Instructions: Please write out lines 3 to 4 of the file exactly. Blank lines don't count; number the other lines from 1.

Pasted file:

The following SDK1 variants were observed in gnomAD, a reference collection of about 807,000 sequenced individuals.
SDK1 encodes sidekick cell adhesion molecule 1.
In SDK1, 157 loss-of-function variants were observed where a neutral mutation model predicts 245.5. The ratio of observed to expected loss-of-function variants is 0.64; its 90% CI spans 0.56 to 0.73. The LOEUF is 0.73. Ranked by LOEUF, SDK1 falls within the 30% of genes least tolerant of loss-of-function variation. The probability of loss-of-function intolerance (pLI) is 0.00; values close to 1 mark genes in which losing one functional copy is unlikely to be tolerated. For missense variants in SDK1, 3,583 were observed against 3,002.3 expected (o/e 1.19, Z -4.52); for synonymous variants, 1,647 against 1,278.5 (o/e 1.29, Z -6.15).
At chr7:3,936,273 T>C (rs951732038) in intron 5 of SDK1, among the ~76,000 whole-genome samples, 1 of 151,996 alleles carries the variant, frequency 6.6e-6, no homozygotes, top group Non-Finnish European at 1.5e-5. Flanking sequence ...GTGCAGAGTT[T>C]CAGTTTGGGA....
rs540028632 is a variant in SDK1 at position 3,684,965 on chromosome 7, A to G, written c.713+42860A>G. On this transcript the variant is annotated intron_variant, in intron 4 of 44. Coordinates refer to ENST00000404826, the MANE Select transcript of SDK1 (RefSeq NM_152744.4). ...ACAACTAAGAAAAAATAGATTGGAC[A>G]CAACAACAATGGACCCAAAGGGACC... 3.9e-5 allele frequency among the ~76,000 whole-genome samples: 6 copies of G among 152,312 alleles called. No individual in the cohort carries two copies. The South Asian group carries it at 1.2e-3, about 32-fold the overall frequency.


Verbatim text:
In SDK1, 157 loss-of-function variants were observed where a neutral mutation model predicts 245.5. The ratio of observed to expected loss-of-function variants is 0.64; its 90% CI spans 0.56 to 0.73. The LOEUF is 0.73. Ranked by LOEUF, SDK1 falls within the 30% of genes least tolerant of loss-of-function variation. The probability of loss-of-function intolerance (pLI) is 0.00; values close to 1 mark genes in which losing one functional copy is unlikely to be tolerated. For missense variants in SDK1, 3,583 were observed against 3,002.3 expected (o/e 1.19, Z -4.52); for synonymous variants, 1,647 against 1,278.5 (o/e 1.29, Z -6.15).
At chr7:3,936,273 T>C (rs951732038) in intron 5 of SDK1, among the ~76,000 whole-genome samples, 1 of 151,996 alleles carries the variant, frequency 6.6e-6, no homozygotes, top group Non-Finnish European at 1.5e-5. Flanking sequence ...GTGCAGAGTT[T>C]CAGTTTGGGA....